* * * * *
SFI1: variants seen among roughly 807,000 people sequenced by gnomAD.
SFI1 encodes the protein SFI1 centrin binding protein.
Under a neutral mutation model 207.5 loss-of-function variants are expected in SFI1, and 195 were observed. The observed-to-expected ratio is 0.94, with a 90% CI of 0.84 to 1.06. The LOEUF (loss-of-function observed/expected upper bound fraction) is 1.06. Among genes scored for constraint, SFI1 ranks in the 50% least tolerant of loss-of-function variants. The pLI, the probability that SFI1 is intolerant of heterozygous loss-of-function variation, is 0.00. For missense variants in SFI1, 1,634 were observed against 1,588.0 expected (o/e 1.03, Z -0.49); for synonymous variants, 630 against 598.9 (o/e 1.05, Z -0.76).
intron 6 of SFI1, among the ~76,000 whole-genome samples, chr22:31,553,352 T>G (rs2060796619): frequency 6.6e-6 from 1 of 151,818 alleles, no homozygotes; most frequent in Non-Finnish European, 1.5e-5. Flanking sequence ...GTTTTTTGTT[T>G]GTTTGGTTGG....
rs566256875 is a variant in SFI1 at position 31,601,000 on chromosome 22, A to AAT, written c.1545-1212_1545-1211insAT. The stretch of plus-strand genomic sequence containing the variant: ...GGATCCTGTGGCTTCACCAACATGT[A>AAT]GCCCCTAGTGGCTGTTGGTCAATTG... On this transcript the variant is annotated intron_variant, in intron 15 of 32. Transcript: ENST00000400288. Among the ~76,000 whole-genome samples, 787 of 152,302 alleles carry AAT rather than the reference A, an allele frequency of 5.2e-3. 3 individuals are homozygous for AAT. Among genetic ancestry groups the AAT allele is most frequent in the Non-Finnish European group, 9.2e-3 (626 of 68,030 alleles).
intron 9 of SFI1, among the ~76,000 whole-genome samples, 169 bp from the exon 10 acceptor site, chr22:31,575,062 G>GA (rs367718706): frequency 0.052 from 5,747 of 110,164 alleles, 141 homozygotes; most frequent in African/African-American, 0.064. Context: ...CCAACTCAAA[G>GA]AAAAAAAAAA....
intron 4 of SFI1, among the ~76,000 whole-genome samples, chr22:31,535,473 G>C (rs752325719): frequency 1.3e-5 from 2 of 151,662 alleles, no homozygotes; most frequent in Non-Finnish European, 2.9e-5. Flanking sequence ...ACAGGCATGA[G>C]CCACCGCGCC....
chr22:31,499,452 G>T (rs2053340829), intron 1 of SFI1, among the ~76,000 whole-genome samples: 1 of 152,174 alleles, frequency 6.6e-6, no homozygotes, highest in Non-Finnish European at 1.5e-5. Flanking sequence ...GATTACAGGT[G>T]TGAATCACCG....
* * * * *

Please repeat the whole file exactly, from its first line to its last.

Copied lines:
SFI1: variants seen among roughly 807,000 people sequenced by gnomAD.
SFI1 encodes the protein SFI1 centrin binding protein.
Under a neutral mutation model 207.5 loss-of-function variants are expected in SFI1, and 195 were observed. The observed-to-expected ratio is 0.94, with a 90% CI of 0.84 to 1.06. The LOEUF (loss-of-function observed/expected upper bound fraction) is 1.06. Among genes scored for constraint, SFI1 ranks in the 50% least tolerant of loss-of-function variants. The pLI, the probability that SFI1 is intolerant of heterozygous loss-of-function variation, is 0.00. For missense variants in SFI1, 1,634 were observed against 1,588.0 expected (o/e 1.03, Z -0.49); for synonymous variants, 630 against 598.9 (o/e 1.05, Z -0.76).
intron 6 of SFI1, among the ~76,000 whole-genome samples, chr22:31,553,352 T>G (rs2060796619): frequency 6.6e-6 from 1 of 151,818 alleles, no homozygotes; most frequent in Non-Finnish European, 1.5e-5. Flanking sequence ...GTTTTTTGTT[T>G]GTTTGGTTGG....
rs566256875 is a variant in SFI1 at position 31,601,000 on chromosome 22, A to AAT, written c.1545-1212_1545-1211insAT. The stretch of plus-strand genomic sequence containing the variant: ...GGATCCTGTGGCTTCACCAACATGT[A>AAT]GCCCCTAGTGGCTGTTGGTCAATTG... On this transcript the variant is annotated intron_variant, in intron 15 of 32. Transcript: ENST00000400288. Among the ~76,000 whole-genome samples, 787 of 152,302 alleles carry AAT rather than the reference A, an allele frequency of 5.2e-3. 3 individuals are homozygous for AAT. Among genetic ancestry groups the AAT allele is most frequent in the Non-Finnish European group, 9.2e-3 (626 of 68,030 alleles).
intron 9 of SFI1, among the ~76,000 whole-genome samples, 169 bp from the exon 10 acceptor site, chr22:31,575,062 G>GA (rs367718706): frequency 0.052 from 5,747 of 110,164 alleles, 141 homozygotes; most frequent in African/African-American, 0.064. Context: ...CCAACTCAAA[G>GA]AAAAAAAAAA....
intron 4 of SFI1, among the ~76,000 whole-genome samples, chr22:31,535,473 G>C (rs752325719): frequency 1.3e-5 from 2 of 151,662 alleles, no homozygotes; most frequent in Non-Finnish European, 2.9e-5. Flanking sequence ...ACAGGCATGA[G>C]CCACCGCGCC....
chr22:31,499,452 G>T (rs2053340829), intron 1 of SFI1, among the ~76,000 whole-genome samples: 1 of 152,174 alleles, frequency 6.6e-6, no homozygotes, highest in Non-Finnish European at 1.5e-5. Flanking sequence ...GATTACAGGT[G>T]TGAATCACCG....